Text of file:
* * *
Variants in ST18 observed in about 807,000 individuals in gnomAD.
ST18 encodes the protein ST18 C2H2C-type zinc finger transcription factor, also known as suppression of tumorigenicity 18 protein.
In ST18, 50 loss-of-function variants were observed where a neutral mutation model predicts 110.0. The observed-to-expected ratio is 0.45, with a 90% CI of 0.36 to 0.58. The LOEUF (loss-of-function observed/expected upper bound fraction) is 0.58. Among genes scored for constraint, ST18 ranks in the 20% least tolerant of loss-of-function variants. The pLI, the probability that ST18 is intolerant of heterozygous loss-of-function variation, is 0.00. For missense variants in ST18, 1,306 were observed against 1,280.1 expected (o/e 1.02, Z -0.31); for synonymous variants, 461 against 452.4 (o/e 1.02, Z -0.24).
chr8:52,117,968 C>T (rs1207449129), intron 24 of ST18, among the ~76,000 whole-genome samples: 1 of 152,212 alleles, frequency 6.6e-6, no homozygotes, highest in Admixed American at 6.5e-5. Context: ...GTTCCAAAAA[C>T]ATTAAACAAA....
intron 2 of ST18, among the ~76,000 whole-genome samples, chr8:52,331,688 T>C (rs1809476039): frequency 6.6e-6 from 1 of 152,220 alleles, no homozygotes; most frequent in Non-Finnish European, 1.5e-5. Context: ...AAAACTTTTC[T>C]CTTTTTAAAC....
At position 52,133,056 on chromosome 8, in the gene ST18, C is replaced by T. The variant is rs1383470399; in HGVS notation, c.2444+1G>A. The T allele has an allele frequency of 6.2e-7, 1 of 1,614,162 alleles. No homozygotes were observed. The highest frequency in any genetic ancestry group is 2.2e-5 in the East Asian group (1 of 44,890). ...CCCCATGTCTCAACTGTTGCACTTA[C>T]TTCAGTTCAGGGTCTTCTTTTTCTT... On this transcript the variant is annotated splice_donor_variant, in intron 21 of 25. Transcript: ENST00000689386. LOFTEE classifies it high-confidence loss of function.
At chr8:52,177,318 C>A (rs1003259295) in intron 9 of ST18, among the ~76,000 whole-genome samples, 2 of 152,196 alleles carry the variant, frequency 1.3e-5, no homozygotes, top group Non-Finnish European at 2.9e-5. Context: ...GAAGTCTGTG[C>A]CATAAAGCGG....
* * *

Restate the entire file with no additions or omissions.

Variants in ST18 observed in about 807,000 individuals in gnomAD.
ST18 encodes the protein ST18 C2H2C-type zinc finger transcription factor, also known as suppression of tumorigenicity 18 protein.
In ST18, 50 loss-of-function variants were observed where a neutral mutation model predicts 110.0. The observed-to-expected ratio is 0.45, with a 90% CI of 0.36 to 0.58. The LOEUF (loss-of-function observed/expected upper bound fraction) is 0.58. Among genes scored for constraint, ST18 ranks in the 20% least tolerant of loss-of-function variants. The pLI, the probability that ST18 is intolerant of heterozygous loss-of-function variation, is 0.00. For missense variants in ST18, 1,306 were observed against 1,280.1 expected (o/e 1.02, Z -0.31); for synonymous variants, 461 against 452.4 (o/e 1.02, Z -0.24).
chr8:52,117,968 C>T (rs1207449129), intron 24 of ST18, among the ~76,000 whole-genome samples: 1 of 152,212 alleles, frequency 6.6e-6, no homozygotes, highest in Admixed American at 6.5e-5. Context: ...GTTCCAAAAA[C>T]ATTAAACAAA....
intron 2 of ST18, among the ~76,000 whole-genome samples, chr8:52,331,688 T>C (rs1809476039): frequency 6.6e-6 from 1 of 152,220 alleles, no homozygotes; most frequent in Non-Finnish European, 1.5e-5. Context: ...AAAACTTTTC[T>C]CTTTTTAAAC....
At position 52,133,056 on chromosome 8, in the gene ST18, C is replaced by T. The variant is rs1383470399; in HGVS notation, c.2444+1G>A. The T allele has an allele frequency of 6.2e-7, 1 of 1,614,162 alleles. No homozygotes were observed. The highest frequency in any genetic ancestry group is 2.2e-5 in the East Asian group (1 of 44,890). ...CCCCATGTCTCAACTGTTGCACTTA[C>T]TTCAGTTCAGGGTCTTCTTTTTCTT... On this transcript the variant is annotated splice_donor_variant, in intron 21 of 25. Transcript: ENST00000689386. LOFTEE classifies it high-confidence loss of function.
At chr8:52,177,318 C>A (rs1003259295) in intron 9 of ST18, among the ~76,000 whole-genome samples, 2 of 152,196 alleles carry the variant, frequency 1.3e-5, no homozygotes, top group Non-Finnish European at 2.9e-5. Context: ...GAAGTCTGTG[C>A]CATAAAGCGG....